Monday, May 2, 2011

The Caprivi

Daryll writes:

Since leaving home, now 8 months ago, we’ve always traveled on our own, so being in a group of 3 other riders is all new to us.  Each one of us has our own rhythm, but we seem to blend with each other.  We normally plan a few days ahead of where we want to be and what we want to see, set a start time for the mornings and normally stop along the way a few times for breaks so that all riders can catch up.  Pat is always up ahead while Ang and I or Dom and Tom follow at our own pace, so Pat & Chris end up being really patient and waiting for all of us.

More and more of the campgrounds that we are finding now are of the rustic kind as compared to the ones we stayed in while in South Africa and Namibia and they tend to be near rivers with lots of warning signs.  The funny thing about these warning signs though is that people tend to just ignore them and camp right next to the sign.  We have been guilty a few times as well. 

Not sure where to camp
While in Swakopmund, we started taking our Malaria pills as the mosquitoes are starting to get really bad in the evenings.  We haven’t noticed any side effects yet, so hope that we can stay on them without any side effects later after a few weeks on them.  After leaving Swakopmund and entering into northern Namibia, we were concerned about the conditions of the roads as the northern parts of Namibia had received record amounts of rain over the last few weeks.  The rains just seem to follow us regardless of which continent we are on.  We stopped to talk to several overland travelers and they confirmed that the roads we were planning to take were passable, so we headed for the Caprivi Strip.  200km of highway runs through the Caprivi National Park, one of the few parks that we can actually ride our motorcycles through and heard that we could spot wildlife as we traveled through the park. We were all excited and planned our route so that we hit the Caprivi early in the morning when it was cooler, so the chances of seeing wildlife were greater.  The speed limit through the park was 80km/hr, however we sat on about 60km/hr for most of the 200km and peered left and right as we rode to get a glimpse of an elephant or possibly a lion.  To our disappointment though, the only elephants we saw were on the road signs warning us of elephant crossings, so when we got to the end, we were tired and grumpy.  The one consolation though were the children from the small villages located in the park.  I was surprised as well.  The children would hear the roar of the engines and come running out of their kraals with waving hands and the broadest smiles I’ve seen and their white teeth glisten in the sun against their dark skin.  Most kids would wave as we passed through their villages but we did encounter a few that held their hand out as to beg.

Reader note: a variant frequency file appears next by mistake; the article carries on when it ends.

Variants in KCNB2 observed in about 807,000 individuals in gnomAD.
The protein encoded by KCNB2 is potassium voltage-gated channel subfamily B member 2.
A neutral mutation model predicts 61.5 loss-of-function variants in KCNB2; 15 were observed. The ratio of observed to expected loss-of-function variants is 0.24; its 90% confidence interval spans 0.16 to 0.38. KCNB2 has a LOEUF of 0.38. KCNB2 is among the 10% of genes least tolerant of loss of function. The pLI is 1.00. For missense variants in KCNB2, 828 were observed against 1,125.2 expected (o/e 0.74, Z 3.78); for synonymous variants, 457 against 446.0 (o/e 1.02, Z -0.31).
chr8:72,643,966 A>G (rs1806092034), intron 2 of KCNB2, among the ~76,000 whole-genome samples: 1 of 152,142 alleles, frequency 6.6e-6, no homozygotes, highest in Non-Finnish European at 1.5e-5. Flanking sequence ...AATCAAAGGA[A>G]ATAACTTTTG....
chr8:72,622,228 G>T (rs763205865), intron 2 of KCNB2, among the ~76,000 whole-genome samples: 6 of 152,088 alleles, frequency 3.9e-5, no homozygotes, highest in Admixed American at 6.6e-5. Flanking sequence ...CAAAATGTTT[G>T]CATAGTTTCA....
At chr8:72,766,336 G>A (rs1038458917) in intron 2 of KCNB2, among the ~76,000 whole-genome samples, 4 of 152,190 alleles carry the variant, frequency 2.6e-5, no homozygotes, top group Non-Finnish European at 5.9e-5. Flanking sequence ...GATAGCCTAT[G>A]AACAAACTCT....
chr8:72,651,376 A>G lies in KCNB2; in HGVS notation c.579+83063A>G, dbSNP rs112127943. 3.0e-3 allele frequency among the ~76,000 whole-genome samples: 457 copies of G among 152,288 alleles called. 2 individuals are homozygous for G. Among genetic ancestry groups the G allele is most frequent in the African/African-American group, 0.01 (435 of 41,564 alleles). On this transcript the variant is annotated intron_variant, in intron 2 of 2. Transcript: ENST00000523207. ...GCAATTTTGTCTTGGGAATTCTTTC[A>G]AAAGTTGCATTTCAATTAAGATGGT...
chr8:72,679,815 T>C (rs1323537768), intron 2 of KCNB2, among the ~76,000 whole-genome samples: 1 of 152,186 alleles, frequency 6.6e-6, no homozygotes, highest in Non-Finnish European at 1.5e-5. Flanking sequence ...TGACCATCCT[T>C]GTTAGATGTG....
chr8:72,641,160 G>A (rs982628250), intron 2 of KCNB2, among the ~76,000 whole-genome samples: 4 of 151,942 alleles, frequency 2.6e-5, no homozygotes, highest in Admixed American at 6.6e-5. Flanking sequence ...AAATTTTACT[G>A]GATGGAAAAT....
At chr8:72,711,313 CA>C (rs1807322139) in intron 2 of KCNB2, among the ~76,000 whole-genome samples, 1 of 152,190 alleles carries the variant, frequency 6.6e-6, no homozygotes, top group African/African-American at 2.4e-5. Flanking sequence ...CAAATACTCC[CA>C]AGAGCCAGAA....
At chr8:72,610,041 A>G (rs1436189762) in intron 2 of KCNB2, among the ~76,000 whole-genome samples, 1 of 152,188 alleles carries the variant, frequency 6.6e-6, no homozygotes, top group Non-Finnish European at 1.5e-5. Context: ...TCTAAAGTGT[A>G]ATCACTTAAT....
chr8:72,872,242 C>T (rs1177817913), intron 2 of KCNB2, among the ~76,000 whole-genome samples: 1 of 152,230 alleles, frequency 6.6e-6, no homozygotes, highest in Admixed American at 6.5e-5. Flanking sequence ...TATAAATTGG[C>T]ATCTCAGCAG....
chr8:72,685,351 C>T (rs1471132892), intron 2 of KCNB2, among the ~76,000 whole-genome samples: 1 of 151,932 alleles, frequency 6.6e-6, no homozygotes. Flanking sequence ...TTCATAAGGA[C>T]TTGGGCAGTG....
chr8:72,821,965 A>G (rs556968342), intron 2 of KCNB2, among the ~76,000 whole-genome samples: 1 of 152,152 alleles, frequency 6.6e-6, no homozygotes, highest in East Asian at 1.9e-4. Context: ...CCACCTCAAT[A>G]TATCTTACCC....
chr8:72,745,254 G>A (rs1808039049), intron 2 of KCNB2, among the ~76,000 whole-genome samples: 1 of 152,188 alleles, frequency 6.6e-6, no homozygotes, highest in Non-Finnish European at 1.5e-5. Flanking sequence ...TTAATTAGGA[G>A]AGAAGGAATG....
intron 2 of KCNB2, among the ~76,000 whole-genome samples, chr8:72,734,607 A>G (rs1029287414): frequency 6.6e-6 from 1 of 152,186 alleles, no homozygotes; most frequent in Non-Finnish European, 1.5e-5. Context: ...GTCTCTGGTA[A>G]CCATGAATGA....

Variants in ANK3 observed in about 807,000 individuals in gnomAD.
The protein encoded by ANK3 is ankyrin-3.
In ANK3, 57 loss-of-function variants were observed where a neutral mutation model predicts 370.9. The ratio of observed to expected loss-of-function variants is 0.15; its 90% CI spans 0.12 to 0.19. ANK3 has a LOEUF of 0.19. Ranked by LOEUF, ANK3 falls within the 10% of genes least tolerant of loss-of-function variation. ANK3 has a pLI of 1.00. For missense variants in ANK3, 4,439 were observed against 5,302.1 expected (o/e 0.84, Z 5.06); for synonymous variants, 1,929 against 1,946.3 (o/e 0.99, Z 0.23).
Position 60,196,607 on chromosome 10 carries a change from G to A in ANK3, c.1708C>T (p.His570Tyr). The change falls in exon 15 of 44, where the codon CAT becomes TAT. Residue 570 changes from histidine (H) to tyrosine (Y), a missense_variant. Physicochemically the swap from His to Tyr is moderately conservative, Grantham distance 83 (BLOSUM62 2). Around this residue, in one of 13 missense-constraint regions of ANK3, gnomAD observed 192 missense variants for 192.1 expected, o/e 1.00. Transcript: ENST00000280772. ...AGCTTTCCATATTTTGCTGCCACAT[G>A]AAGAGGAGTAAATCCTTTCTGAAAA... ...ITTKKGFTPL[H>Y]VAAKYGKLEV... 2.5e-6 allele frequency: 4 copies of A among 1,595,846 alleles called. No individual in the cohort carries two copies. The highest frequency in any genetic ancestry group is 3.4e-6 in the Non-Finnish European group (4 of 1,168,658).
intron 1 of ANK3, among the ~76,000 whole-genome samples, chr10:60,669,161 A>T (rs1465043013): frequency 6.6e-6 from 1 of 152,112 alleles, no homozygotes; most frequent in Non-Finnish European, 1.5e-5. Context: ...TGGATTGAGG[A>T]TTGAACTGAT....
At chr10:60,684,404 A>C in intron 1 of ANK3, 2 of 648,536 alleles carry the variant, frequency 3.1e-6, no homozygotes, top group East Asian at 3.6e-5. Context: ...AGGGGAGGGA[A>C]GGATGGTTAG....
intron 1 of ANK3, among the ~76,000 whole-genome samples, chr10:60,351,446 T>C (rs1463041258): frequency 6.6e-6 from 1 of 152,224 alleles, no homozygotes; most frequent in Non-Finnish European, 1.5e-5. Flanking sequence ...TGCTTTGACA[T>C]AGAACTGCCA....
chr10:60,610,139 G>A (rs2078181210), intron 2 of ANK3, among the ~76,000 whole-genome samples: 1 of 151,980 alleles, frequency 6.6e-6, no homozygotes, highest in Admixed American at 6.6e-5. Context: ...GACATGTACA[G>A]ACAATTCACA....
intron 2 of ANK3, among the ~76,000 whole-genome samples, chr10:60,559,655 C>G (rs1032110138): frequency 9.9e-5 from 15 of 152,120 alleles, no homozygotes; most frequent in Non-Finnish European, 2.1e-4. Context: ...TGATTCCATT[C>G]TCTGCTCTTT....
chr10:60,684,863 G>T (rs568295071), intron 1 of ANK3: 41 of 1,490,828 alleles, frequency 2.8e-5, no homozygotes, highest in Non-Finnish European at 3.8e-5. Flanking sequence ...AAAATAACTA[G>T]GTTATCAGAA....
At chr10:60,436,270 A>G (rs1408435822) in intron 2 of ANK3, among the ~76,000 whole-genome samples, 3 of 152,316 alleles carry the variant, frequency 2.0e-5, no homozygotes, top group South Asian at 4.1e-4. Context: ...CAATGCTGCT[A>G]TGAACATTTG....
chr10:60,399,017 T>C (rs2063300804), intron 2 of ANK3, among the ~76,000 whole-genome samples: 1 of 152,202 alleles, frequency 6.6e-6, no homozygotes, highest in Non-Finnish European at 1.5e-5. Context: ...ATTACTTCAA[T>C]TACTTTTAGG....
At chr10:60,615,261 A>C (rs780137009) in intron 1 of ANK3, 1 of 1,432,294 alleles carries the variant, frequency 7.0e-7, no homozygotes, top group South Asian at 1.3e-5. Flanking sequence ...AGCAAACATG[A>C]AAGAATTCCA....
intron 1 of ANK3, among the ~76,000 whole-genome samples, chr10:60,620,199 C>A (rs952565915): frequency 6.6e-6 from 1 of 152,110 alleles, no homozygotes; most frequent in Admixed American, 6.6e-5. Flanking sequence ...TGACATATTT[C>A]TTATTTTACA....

Local kids keeping an eye on us
The Caprivi Strip was a big disappointment for us, so we decided that we would continue to the next town (Katima Molelio), even though it was a border town with Zambia and Botswana and cross early the next morning into Zambia to see Victoria Falls.  At our last rest stop before heading to the border town, I started up a conversation with a few locals who had suggested that we rather stay in their little town vs. going up ahead as many of the campgrounds along the Zambezi were flooded.  Dan, who conveniently owned a campground and ran river safaris offered us a good price and suggested that we would be the only ones on his property for the evening, so we followed him to his piece of land.  We followed Dan in his bakkie (4x4), while his friend Lisa followed us at the back in her bakkie.  I later learnt that Lisa was studying Hyena behavior patterns in the Caprivi and lived on a piece of land next to Dan.  We followed Dan for about 12km down a dirt road and then we turned off, thinking that we were there, but we had another 2km of sand, our favorite riding conditions.  Again, our hosts were patient with us and it took a while for all of us to finally get to his place.